Entrepreneur bringing back iconic Nimbus motorcycle – The Post

Entrepreneur bringing back iconic Nimbus motorcycle

February 25th, 2014 2:28 pm| by admin
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The legendary Danish motorcycle, the Nimbus, may be hitting the roads and motorways after an entrepreneur recently purchased the exclusive rights to produce and sell it.

The entrepreneur, Claus Støvlbæk Clausen, wants to redesign the Nimbus C-model so that it lives up to the safety and environmental standards of today and hopes that production will begin sometime in 2015.

“I got the idea in the shower and hurried down to call Nilfisk-Advance A/S, which still has all the rights for title and technology rights,” Clausen told Ingeniøren newspaper.

Nilfisk-Advance A/S had already agreed to sell the rights to another party, but Clausen was later invited to a meeting after the deal had fallen through.

“We are beginning to redesign the motorcycle. Obviously there are parts that made the motorcycle iconic that we won’t change, such as the handlebars, drive shaft, sidecar and sound,” Clausen said.

READ MORE: 'Top Gear' burns Danish sports car

The Bumblebee to fly again
But parts of the motorcycle, including the petrol tank and the headlights will be redesigned, a phase that will take about nine months and will be followed by the production phase.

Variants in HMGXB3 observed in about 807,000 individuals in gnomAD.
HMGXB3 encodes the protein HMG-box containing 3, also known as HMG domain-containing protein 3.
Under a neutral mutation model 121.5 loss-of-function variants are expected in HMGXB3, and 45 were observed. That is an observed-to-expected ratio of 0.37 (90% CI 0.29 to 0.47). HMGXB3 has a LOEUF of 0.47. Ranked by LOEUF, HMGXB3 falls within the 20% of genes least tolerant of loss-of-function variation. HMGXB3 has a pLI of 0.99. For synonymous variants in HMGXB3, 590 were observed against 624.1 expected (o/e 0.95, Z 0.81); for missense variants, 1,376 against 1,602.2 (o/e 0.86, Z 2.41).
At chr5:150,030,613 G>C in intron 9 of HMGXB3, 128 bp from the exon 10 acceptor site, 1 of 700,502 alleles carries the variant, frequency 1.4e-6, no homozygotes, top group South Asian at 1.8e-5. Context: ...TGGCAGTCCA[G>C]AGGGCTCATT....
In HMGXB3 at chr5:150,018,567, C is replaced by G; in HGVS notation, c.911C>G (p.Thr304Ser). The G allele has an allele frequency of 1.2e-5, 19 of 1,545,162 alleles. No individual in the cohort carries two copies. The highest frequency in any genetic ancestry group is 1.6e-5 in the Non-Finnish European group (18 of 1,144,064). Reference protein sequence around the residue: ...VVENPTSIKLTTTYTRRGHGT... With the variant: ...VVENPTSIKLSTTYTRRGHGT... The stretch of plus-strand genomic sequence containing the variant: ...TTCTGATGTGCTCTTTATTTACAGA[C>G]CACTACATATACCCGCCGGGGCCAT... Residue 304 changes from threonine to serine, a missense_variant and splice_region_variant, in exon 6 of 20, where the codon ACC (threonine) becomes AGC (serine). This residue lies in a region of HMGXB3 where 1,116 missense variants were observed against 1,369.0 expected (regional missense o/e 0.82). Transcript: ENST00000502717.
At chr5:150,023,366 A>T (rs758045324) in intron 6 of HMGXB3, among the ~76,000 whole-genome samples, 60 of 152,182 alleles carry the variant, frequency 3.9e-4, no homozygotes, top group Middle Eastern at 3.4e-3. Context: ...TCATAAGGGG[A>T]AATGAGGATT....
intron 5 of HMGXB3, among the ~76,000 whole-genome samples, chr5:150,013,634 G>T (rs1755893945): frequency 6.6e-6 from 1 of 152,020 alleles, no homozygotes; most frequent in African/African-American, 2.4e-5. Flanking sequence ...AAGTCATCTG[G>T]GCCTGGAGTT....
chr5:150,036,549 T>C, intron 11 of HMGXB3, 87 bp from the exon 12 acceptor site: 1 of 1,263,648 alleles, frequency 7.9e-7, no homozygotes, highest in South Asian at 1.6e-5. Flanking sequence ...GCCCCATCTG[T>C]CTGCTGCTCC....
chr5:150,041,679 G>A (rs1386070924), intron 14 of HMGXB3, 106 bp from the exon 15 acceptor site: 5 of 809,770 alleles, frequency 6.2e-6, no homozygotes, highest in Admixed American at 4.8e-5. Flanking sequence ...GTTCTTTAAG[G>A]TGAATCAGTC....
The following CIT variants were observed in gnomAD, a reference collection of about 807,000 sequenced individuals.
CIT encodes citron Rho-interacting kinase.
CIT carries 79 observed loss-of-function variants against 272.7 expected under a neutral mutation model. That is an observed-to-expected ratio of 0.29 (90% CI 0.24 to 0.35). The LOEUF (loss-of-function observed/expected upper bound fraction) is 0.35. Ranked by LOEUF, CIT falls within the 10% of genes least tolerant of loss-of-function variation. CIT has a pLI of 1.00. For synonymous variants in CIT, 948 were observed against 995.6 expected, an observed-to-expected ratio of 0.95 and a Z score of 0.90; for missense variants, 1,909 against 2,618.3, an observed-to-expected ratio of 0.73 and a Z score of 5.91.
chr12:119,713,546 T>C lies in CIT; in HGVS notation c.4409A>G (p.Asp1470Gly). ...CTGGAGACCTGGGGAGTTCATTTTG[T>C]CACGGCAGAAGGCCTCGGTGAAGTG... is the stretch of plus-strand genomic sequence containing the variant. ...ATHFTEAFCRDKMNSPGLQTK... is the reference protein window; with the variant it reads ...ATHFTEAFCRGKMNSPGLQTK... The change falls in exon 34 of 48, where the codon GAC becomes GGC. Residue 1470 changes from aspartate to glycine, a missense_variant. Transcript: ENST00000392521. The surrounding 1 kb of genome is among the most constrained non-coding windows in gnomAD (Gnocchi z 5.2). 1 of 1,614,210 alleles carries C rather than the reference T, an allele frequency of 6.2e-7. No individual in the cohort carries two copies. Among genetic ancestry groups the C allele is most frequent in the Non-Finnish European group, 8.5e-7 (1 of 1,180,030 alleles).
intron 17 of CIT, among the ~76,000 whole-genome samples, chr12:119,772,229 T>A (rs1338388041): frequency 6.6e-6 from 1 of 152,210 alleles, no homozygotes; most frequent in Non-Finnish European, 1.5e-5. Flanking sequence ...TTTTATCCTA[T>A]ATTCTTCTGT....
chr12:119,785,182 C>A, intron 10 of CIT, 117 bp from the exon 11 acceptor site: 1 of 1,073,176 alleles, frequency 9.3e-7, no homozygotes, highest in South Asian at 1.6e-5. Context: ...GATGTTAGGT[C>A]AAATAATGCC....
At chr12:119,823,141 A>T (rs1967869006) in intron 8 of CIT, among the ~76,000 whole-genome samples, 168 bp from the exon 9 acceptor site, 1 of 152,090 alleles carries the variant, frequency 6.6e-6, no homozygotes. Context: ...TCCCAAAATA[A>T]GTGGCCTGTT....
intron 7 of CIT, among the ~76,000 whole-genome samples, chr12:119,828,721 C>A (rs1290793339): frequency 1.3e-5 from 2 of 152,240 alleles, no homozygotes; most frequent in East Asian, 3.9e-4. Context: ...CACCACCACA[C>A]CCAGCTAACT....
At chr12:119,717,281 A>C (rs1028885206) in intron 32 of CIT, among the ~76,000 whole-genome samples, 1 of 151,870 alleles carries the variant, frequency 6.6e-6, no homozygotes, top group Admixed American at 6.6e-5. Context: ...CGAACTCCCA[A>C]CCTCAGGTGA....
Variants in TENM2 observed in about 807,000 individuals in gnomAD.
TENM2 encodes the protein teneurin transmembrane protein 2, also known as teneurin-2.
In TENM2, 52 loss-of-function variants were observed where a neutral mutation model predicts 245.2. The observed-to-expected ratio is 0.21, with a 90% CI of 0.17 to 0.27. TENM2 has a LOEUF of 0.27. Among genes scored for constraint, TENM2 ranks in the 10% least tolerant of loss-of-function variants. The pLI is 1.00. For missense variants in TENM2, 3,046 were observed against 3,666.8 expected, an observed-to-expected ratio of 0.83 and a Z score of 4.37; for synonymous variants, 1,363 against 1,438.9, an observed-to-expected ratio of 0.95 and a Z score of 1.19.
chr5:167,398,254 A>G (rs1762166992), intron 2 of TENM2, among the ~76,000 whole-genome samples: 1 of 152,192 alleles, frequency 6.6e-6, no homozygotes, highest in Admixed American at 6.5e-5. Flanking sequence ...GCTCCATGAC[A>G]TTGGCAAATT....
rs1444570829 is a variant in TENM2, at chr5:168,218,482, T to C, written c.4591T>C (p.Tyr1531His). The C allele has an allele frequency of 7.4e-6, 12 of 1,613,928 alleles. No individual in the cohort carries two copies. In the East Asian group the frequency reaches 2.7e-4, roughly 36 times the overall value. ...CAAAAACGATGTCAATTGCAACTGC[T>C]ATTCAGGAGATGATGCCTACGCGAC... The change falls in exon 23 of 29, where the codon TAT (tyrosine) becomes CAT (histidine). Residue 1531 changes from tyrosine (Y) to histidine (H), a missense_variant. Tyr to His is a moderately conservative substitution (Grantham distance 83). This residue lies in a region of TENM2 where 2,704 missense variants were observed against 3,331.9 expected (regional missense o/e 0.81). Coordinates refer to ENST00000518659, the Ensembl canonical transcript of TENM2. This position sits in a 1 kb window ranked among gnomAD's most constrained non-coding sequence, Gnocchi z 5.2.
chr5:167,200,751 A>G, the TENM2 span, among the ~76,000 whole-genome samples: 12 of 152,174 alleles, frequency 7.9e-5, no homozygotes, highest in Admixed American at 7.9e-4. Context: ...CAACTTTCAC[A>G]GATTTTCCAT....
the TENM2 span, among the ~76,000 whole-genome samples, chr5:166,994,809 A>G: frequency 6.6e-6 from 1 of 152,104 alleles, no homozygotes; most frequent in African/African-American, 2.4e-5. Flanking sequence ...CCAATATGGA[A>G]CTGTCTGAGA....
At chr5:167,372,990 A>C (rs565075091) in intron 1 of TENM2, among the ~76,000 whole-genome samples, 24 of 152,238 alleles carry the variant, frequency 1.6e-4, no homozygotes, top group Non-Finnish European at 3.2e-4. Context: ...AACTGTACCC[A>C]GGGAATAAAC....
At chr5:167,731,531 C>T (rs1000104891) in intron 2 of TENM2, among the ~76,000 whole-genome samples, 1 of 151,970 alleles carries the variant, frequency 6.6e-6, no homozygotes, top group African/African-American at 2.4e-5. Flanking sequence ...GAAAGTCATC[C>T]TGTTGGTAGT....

The Nimbus motorcycle was originally built by Fisker & Nielsen back in 1919 but was discontinued in 1960 after interest in motorcycles waned in the late 1950’s as cheap cars become more available. The C-model, the model that Clausen intends to reproduce, first came on the market in 1934 and was nicknamed ‘Humlebien’ (‘The Bumblebee’) due to the distinctive humming sound emitted by its exhaust.

Clausen – who still needs to come up with one or two investors – hopes that the he will be able to produce the new Nimbus in Denmark and wants to emulate the way that the British motorcycle producer, Triumph, was saved in the 1990’s.

Of the around 12,000 ‘Bumblebees’ produced, more than 4,000 are registered and running in Denmark, while many others continue to exist in Sweden, Germany and the US.